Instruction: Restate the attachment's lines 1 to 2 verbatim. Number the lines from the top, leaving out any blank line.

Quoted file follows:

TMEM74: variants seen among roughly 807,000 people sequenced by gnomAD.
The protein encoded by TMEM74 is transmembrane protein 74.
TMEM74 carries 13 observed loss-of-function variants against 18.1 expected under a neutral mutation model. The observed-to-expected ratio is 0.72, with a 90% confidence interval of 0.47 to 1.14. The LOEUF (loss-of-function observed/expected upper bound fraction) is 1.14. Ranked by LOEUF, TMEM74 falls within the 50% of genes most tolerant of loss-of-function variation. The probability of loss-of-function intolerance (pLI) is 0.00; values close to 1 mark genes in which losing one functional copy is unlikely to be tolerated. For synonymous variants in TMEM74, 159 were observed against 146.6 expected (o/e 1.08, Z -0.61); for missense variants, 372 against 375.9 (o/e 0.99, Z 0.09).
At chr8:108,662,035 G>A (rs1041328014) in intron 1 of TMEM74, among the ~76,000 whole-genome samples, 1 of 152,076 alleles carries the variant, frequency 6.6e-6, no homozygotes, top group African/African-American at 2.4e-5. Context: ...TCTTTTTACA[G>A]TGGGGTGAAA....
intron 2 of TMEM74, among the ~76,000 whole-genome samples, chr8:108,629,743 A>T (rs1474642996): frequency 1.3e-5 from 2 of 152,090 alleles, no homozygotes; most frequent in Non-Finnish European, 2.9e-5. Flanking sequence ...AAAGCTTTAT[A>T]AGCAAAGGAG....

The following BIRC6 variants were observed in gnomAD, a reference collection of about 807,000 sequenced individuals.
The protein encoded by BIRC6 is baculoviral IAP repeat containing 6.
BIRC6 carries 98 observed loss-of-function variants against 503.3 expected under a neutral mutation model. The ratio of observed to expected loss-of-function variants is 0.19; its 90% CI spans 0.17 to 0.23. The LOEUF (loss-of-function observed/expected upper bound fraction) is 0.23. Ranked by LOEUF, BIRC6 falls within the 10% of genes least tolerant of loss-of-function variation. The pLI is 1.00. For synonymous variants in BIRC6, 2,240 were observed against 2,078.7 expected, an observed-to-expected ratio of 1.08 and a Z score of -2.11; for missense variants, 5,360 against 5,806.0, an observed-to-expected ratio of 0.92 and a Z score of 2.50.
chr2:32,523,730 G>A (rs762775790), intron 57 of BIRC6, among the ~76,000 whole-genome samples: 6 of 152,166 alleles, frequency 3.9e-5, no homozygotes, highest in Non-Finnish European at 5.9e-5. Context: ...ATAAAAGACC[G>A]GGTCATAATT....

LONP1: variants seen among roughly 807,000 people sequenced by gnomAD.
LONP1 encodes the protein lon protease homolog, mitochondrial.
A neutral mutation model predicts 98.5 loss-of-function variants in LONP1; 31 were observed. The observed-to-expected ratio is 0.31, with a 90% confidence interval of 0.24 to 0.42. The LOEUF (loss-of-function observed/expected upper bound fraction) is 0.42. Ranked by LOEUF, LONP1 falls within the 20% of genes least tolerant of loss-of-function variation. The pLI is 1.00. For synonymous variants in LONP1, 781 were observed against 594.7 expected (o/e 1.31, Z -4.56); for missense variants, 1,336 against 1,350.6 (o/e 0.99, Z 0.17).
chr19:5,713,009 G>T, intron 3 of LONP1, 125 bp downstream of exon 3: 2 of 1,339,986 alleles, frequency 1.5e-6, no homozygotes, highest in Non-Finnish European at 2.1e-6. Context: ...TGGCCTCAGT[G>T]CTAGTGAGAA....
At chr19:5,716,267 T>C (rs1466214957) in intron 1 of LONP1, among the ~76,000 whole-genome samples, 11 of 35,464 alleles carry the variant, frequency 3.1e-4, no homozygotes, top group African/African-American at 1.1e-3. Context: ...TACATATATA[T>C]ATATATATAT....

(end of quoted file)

TMEM74: variants seen among roughly 807,000 people sequenced by gnomAD.
The protein encoded by TMEM74 is transmembrane protein 74.